H.R. 2016 at best would codify a division of BLM (NLCS) that performs work that can better be performed by other agency officials and creates a duplicative agency without a clear mission or structure. H.R. 2016 would also bestow Congressional recognition on over a dozen BLM monuments that we still cannot identify as having met the three criteria that must be met in the Antiquities Act. We remain unsatisfied and troubled with the Administration's answers when asked about the scope, structure and powers of the NLCS and specifically its Washington, D.C. office. It is even fair to say that something mischievous is afoot when one compares what has been said before the Committee with what has been reported in the press and proclaimed in BLM's own documents. In testifying before the Committee (in two separate hearings) NLCS Director Daly and Deputy Director (BLM) Henri Bisson gave the impression that the NLCS had no binding authority, no ability to supersede or interfere with the longstanding BLM organizational structure at any level, and had no real way to implement policy or management changes or recommendations and ability to appoint staff. "The NLCS is more or less a policy office, is what it is. It doesn't exactly manage the system," is what Deputy Director Bison stated during a budget hearing. Yet according to the BLM's own organizational structure chart located on their website the NLCS office is one of four departments directly underneath the Director and above the state offices.

Former Secretary of the Interior Babbitt was forthright from the beginning when he by fiat created the NLCS and set forth what he envisioned it to be: a new way of managing BLM lands (he estimated up to 100 million acres someday) through the NLCS system so that "the old bureaucratic mule will awaken to a new future as an environmental steward right up there with the National Park Service and the National Wildlife Refuge System. The day is coming, I believe, when the BLM so often stereotyped and dismissed as the Bureau of Livestock and Mining will be better known as the Bureau of Landscape and Monuments." Rep. Grijalva, when asked if H.R. 2016 would lead to NLCS lands receiving more regulation stated candidly, ''You've got to establish the system...and then you go to step 2." NLCS Director Daly, not exactly invoking images of a policy shop, was quoted in the Arizona Republic stating, "This is like being part of a birthing. I think we are all about to witness the next major conservation system in the United States." BLM's 2007 "National Landscape Conservation System Science Strategy" clearly sets up a system for the NLCS apart from the rest of the BLM. Despite assurances that the field offices (overseen by BLM State Directors) will continue to operate freely and will only get guidance from the NLCS, the Science Strategy document directs the NLCS to develop and implement (using "leverage" i.e. the millions in subactivity budget accounts the Administration is proposing the NLCS control). NLCS official Jeff Jarvis outlined very clearly in a report titled "National Landscape Conservation System: A New Approach to Conservation" that the purpose behind the NLCS is to shed the old, burdensome role of "developing commodities" that Congress gave the BLM and to move into conservation, assuming the two concepts were incompatible. We find this troublesome given how much and how irreplaceably BLM lands contribute to our nation's economy and security. Many of us have districts whose viability is dependent on ongoing multiple uses of BLM land. And the country as a whole has a continuing vital need to ensure that our local and national economies grow stronger, more resilient and have access to vital resources from secure domestic sources, One thing is certain: there are no more zealous and knowledgeable guardians of environmental and recreational "values" of these lands than the local people who hunt, fish, ride, hike, camp, raise their kids and, yes, try to earn a living on and around these lands.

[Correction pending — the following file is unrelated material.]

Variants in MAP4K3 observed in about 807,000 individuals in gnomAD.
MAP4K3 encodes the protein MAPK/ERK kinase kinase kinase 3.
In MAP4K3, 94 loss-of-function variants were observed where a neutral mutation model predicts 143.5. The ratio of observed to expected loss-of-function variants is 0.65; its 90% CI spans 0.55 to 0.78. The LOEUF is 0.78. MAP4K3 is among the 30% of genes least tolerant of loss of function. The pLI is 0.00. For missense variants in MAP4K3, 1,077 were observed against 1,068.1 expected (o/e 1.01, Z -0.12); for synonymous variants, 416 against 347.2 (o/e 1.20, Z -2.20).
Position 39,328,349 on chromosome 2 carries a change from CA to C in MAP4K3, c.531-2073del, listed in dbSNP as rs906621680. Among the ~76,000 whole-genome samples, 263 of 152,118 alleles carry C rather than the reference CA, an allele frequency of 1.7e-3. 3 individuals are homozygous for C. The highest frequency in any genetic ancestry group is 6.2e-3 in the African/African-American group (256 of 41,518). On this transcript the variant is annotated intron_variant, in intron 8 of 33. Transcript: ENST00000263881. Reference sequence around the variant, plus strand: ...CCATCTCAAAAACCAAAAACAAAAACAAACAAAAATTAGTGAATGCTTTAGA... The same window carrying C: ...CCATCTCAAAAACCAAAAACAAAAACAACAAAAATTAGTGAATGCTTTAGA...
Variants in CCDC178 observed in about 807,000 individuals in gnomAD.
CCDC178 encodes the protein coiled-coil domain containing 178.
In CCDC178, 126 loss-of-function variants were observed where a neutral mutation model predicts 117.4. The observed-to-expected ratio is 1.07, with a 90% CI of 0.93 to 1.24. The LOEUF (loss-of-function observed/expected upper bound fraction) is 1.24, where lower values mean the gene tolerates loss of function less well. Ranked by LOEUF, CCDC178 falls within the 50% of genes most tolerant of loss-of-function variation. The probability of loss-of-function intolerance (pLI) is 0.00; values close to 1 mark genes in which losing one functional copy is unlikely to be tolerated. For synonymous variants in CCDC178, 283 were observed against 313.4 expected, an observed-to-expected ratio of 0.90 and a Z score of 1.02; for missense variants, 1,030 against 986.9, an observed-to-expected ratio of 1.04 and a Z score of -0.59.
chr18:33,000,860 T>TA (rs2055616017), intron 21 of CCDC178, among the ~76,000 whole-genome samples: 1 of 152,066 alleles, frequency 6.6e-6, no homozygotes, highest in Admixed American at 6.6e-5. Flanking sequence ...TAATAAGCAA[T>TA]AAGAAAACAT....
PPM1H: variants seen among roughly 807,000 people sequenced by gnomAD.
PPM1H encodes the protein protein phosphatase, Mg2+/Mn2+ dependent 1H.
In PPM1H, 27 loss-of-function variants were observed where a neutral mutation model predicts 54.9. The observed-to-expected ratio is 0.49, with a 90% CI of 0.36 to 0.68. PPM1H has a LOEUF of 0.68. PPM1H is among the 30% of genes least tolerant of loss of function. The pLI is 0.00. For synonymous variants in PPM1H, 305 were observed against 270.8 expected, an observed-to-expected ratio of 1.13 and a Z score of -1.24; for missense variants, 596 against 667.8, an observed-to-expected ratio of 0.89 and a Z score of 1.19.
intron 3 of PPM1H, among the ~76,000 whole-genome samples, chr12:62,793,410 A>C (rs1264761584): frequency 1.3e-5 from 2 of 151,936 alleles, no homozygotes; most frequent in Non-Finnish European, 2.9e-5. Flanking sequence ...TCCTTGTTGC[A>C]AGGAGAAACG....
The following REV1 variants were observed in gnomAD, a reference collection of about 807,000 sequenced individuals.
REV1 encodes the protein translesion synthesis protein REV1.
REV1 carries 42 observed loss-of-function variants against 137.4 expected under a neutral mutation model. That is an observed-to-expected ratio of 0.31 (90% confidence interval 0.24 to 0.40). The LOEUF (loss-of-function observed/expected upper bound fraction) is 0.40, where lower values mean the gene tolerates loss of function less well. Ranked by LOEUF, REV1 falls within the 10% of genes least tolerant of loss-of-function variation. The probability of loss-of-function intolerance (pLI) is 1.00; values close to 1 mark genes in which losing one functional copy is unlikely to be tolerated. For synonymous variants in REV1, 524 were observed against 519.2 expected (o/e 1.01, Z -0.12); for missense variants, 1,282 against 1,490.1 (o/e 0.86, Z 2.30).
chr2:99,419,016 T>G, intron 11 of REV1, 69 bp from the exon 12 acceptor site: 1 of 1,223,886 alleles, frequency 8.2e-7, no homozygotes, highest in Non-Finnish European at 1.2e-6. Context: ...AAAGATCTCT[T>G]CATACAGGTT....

Many and imperfect are the federal laws that set the course for the management of our public land. But they are duly enacted laws passed by Congress and signed by a President and they can be changed the same way they were adopted. For us to pass legislation delegating to the Secretary of the Interior of the moment and unelected bureaucrats within a federal land management agency a mandate to create a management regime to enforce legislatively undefined "values" on a vast, resource rich part of the country is an unacceptable abdication of our responsibility as the policy setting branch of the government.